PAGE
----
Skip to content

Frontend application architecture

What is a good web application architecture

There are different theoretical definitions and justifications for this concept, but roughly speaking it is the following.

Let's say you are developing a project, already at the final stage. A customer comes to you and says something like: I want to add a shadow to all buttons, I want to change the UI library, we decided to support multiple languages, we decided to replace this module with another, we need to make more detailed adaptability for different resolutions, we decided to add themes, we are changing the provider of payment processing services, we have an increasing number of users / the site is slowing down / need to speed it up, need to increase the level of security of the site, we took a middle programmer, bring him up to speed quickly, and let him add functionality or fix the b

A good frontend application architecture allows you to accomplish all of this most efficiently with the least amount of effort.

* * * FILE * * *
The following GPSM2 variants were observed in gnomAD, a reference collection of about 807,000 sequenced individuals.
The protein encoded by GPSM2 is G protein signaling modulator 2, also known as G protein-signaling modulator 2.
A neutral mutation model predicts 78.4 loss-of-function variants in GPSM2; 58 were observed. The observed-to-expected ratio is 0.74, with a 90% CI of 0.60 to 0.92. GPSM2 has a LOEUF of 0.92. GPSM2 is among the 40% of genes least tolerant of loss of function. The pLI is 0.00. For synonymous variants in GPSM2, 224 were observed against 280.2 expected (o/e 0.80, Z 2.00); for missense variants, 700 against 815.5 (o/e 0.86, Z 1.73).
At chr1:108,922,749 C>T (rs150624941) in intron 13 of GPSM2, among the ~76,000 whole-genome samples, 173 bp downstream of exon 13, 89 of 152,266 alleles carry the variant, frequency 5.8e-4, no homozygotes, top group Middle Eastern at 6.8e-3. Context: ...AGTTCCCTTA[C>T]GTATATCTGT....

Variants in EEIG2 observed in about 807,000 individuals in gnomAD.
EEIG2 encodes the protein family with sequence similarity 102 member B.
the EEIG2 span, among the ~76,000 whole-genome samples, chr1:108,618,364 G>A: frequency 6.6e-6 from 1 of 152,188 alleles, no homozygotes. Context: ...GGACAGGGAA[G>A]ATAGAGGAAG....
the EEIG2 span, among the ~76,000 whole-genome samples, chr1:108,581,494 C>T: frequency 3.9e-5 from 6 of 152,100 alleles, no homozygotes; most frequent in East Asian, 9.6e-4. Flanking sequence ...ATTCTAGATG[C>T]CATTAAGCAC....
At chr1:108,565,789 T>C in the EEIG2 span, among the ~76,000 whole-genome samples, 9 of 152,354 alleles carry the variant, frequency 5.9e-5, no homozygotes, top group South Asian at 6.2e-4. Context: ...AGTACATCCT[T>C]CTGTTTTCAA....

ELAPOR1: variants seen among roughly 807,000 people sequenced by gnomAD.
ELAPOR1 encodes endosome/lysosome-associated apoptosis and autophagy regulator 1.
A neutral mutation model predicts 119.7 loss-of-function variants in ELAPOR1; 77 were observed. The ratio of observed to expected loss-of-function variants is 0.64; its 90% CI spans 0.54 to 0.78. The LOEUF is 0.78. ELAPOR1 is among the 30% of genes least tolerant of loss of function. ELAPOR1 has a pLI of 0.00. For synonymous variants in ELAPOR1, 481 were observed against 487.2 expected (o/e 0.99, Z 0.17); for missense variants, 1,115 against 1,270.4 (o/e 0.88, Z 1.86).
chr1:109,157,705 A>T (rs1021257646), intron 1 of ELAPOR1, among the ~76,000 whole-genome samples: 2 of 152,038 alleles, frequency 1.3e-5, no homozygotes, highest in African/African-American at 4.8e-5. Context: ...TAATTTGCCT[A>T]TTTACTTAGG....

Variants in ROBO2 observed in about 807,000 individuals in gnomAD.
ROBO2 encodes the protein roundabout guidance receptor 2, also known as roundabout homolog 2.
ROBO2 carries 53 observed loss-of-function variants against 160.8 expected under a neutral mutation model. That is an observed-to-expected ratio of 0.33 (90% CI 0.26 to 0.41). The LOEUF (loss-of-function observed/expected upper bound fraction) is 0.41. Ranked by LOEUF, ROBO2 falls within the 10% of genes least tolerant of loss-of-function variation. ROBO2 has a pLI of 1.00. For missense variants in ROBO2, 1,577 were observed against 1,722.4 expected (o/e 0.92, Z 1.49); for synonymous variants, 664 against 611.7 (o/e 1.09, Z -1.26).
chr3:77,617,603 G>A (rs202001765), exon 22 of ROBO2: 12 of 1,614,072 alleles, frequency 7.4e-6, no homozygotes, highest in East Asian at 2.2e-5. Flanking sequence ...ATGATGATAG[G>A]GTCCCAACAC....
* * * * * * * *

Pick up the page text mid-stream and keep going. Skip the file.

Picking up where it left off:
OOP on the frontend

Many people coming from development in object-oriented languages try to use OOP concepts on the frontend and program with classes, inheritance, polymorphism and other things.

This is a mistake. The main computations on the front end are related to UI - displaying data, handling user interaction. Class systems and microservices are simply not needed on them. Of course, you can create a basic button, wrap it in two custom components and consider it inheritance, but you can't do it in code. That's why you have to learn to think in other categories - components, composable functions, js modules. And use your JavaScript power, not trying to stretch it on OOP.